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Russian special services detain well-known Armenian businessman Levon Hayrapetyan

  • by Tatevik Shahunyan

  • Wednesday, July 16, 15:38

The Russian special services have detained one of the richest Armenian businessmen in the world Levon Hayrapetyan on suspicion of being privy to the notorious "Kingisep" criminal group.

According to Rosbalt, Hayrapetyan was detained on Tuesday upon arriving in Moscow from his home in Monaco. 

Shortly the investigators are planning to petition the Basmanny Court to arrest the businessman.

According to them, Sergey-Finagin's "Kingisepp" group, together with Alexander Matusov's "Schelkovo" gang, did contract killings first for businessman Georgy Safiyev (killed in the United States) and then for former Senator Igor Izmestyev (who is now in jail for life).

It was Izmestyev who said that Levon Hayrapetyan was privy to some of the killings, particularly, those related to the Bashneft oil company.  Born in 1949, Levon Hayrapetyan was a journalist for years. It was then that he made friends with some influential politicians, particularly, then Russian Prime Minister Viktor Chernomyrdin and President of Bashkortostan Murtaza Rakhimov. And it was Hayrapetyan who put Izmestyev in touch with Rakhimov.

Then Hayrapetyan decided to quit journalism and to launch an oil delivery business. As a result, today he is the 10th richest Armenian in the world.
Hayrapetyan was among the founders of the Nagorno-Karabakh Republic and has ever since been one of its key sponsors. He is also an active campaigner for the international recognition of the Armenian Genocide.  He has even met with US President Barack Obama on this matter.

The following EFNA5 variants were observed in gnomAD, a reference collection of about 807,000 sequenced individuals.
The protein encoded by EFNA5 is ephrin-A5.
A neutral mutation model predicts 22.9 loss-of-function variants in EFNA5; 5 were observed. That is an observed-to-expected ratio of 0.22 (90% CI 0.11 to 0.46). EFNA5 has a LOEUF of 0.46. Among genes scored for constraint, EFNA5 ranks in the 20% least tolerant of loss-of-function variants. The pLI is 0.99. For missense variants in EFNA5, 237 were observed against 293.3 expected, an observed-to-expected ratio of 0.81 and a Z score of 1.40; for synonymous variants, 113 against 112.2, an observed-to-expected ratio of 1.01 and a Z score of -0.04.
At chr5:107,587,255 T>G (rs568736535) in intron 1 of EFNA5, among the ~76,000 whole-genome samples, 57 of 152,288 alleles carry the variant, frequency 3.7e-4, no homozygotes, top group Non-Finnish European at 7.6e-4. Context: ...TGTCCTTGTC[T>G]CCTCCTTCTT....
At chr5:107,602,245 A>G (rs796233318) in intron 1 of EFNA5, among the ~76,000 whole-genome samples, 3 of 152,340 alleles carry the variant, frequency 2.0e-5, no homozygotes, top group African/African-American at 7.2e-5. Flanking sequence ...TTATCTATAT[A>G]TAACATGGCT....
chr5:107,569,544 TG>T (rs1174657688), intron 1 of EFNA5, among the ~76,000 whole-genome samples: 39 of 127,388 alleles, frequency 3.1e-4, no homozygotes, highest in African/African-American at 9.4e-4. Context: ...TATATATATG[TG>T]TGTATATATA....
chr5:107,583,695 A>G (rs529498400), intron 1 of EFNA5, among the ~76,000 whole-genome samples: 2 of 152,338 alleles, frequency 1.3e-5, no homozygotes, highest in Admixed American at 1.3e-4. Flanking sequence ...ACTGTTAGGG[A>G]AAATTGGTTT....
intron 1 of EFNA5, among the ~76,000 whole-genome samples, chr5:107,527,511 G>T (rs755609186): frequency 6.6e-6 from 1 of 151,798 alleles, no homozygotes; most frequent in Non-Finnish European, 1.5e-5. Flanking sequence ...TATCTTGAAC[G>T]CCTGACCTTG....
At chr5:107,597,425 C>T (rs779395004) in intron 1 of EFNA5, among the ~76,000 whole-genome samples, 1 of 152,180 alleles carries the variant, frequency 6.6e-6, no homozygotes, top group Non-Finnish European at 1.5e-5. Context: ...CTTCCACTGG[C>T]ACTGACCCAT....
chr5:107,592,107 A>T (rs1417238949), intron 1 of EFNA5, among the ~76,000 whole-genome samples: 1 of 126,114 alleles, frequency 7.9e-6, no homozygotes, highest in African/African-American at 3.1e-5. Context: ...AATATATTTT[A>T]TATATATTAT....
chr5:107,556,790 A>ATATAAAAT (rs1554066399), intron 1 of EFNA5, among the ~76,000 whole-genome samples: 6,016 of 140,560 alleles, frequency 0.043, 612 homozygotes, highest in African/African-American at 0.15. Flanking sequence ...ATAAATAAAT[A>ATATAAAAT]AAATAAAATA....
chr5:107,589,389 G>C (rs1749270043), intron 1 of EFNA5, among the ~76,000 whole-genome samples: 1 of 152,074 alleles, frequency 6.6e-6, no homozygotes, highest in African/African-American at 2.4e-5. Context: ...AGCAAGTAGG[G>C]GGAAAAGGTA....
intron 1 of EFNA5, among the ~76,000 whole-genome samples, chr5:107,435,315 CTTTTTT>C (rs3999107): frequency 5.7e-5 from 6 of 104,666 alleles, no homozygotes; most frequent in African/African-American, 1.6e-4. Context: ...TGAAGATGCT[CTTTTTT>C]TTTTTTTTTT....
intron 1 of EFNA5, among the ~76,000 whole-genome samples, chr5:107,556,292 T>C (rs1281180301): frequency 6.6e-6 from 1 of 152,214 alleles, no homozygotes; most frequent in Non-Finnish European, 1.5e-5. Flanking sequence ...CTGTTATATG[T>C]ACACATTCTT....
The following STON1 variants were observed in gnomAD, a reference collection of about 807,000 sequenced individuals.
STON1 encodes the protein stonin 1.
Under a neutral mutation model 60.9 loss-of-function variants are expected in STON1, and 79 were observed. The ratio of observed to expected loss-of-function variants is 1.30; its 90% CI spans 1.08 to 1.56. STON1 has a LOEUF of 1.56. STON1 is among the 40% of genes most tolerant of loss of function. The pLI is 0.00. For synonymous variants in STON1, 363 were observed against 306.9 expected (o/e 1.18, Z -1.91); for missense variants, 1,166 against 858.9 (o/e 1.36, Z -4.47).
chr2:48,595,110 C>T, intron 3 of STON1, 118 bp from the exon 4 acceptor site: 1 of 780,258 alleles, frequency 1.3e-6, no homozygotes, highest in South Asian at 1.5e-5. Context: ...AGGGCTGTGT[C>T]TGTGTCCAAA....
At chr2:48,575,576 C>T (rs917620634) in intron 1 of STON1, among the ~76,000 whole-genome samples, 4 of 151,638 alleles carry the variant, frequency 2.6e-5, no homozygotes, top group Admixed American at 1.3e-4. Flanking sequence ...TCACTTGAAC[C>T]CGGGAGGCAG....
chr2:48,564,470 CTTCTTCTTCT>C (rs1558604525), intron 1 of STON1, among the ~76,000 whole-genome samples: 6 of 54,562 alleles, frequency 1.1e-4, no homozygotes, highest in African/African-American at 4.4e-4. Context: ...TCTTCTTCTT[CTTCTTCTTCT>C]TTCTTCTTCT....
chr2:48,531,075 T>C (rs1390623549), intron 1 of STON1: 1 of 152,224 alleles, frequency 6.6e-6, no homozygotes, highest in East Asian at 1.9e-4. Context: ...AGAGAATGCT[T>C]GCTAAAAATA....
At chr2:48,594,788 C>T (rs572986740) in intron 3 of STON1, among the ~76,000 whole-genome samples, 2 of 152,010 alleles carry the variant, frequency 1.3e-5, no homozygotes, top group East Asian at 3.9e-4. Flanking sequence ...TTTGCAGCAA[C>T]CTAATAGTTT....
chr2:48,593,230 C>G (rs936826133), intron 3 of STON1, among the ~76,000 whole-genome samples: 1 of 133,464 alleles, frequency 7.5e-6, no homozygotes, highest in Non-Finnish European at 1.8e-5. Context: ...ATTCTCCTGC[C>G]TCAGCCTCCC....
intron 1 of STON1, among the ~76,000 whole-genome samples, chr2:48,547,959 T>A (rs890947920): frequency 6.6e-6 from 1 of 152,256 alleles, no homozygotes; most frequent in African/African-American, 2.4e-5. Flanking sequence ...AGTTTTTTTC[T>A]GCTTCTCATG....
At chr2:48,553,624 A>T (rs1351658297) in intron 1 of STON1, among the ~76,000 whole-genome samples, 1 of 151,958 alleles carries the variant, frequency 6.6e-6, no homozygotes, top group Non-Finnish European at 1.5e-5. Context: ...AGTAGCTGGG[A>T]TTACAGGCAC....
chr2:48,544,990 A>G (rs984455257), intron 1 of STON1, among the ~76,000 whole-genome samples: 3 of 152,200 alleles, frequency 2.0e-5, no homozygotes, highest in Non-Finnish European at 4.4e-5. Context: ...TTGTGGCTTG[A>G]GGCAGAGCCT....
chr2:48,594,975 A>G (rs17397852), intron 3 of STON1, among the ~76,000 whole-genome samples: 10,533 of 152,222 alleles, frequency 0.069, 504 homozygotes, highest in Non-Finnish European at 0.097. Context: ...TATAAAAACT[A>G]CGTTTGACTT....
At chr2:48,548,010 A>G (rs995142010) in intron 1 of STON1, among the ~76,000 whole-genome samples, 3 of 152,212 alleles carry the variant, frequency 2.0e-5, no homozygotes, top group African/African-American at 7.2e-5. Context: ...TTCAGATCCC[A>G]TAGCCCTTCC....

Currently the Moscow Municipal Court is considering a case involving Izmestyev, Finagin and many other people supposedly involved in criminal activities in the 1990s and 2000s. Izmestyev is believed to be one of the organizers of Finagin's group.

Together with other persons, he managed the criminal group, took measures to supply the group with money, weapons, cars and communication and instructed it to commit specific crimes. The group had firearms and cold steel weapons, ammunition, and explosive devices. The group used forged documents, rented flats and garages. The members of the criminal group received monthly monetary rewards and cash bonuses for each crime.        

The investigators think that the criminal group members committed numerous grave crimes and felonies, including dozens of murders. 

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